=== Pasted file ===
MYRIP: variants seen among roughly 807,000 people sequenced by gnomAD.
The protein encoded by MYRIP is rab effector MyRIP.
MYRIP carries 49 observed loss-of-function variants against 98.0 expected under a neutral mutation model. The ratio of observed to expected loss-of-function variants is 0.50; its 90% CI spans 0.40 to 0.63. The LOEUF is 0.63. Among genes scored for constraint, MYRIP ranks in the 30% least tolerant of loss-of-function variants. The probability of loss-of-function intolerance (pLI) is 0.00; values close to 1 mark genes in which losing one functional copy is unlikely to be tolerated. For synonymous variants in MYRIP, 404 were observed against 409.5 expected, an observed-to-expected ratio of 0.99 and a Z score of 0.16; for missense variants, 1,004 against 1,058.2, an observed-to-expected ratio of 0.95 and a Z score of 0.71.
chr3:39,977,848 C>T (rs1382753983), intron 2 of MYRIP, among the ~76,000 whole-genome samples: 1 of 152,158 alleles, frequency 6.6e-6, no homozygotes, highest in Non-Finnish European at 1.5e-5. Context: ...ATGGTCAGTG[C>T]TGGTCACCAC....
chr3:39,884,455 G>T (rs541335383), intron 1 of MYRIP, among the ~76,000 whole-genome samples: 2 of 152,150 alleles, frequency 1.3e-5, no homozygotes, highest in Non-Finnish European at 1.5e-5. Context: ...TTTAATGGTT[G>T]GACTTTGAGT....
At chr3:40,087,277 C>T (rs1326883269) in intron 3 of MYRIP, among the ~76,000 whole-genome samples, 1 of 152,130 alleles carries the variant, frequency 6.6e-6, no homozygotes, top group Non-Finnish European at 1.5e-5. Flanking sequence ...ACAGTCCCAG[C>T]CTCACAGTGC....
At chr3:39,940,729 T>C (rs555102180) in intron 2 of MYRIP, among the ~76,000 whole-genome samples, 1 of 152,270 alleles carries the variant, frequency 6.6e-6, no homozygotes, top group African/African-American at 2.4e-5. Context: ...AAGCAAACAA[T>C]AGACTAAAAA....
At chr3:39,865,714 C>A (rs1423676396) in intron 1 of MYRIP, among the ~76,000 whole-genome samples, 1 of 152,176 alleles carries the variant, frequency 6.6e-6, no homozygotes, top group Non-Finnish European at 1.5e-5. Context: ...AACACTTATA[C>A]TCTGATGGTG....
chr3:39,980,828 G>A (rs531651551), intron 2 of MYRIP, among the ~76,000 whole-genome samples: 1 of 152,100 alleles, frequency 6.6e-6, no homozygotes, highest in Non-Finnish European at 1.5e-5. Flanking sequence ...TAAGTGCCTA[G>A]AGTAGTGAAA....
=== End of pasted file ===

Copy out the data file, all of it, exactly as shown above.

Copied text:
MYRIP: variants seen among roughly 807,000 people sequenced by gnomAD.
The protein encoded by MYRIP is rab effector MyRIP.
MYRIP carries 49 observed loss-of-function variants against 98.0 expected under a neutral mutation model. The ratio of observed to expected loss-of-function variants is 0.50; its 90% CI spans 0.40 to 0.63. The LOEUF is 0.63. Among genes scored for constraint, MYRIP ranks in the 30% least tolerant of loss-of-function variants. The probability of loss-of-function intolerance (pLI) is 0.00; values close to 1 mark genes in which losing one functional copy is unlikely to be tolerated. For synonymous variants in MYRIP, 404 were observed against 409.5 expected, an observed-to-expected ratio of 0.99 and a Z score of 0.16; for missense variants, 1,004 against 1,058.2, an observed-to-expected ratio of 0.95 and a Z score of 0.71.
chr3:39,977,848 C>T (rs1382753983), intron 2 of MYRIP, among the ~76,000 whole-genome samples: 1 of 152,158 alleles, frequency 6.6e-6, no homozygotes, highest in Non-Finnish European at 1.5e-5. Context: ...ATGGTCAGTG[C>T]TGGTCACCAC....
chr3:39,884,455 G>T (rs541335383), intron 1 of MYRIP, among the ~76,000 whole-genome samples: 2 of 152,150 alleles, frequency 1.3e-5, no homozygotes, highest in Non-Finnish European at 1.5e-5. Context: ...TTTAATGGTT[G>T]GACTTTGAGT....
At chr3:40,087,277 C>T (rs1326883269) in intron 3 of MYRIP, among the ~76,000 whole-genome samples, 1 of 152,130 alleles carries the variant, frequency 6.6e-6, no homozygotes, top group Non-Finnish European at 1.5e-5. Flanking sequence ...ACAGTCCCAG[C>T]CTCACAGTGC....
At chr3:39,940,729 T>C (rs555102180) in intron 2 of MYRIP, among the ~76,000 whole-genome samples, 1 of 152,270 alleles carries the variant, frequency 6.6e-6, no homozygotes, top group African/African-American at 2.4e-5. Context: ...AAGCAAACAA[T>C]AGACTAAAAA....
At chr3:39,865,714 C>A (rs1423676396) in intron 1 of MYRIP, among the ~76,000 whole-genome samples, 1 of 152,176 alleles carries the variant, frequency 6.6e-6, no homozygotes, top group Non-Finnish European at 1.5e-5. Context: ...AACACTTATA[C>A]TCTGATGGTG....
chr3:39,980,828 G>A (rs531651551), intron 2 of MYRIP, among the ~76,000 whole-genome samples: 1 of 152,100 alleles, frequency 6.6e-6, no homozygotes, highest in Non-Finnish European at 1.5e-5. Flanking sequence ...TAAGTGCCTA[G>A]AGTAGTGAAA....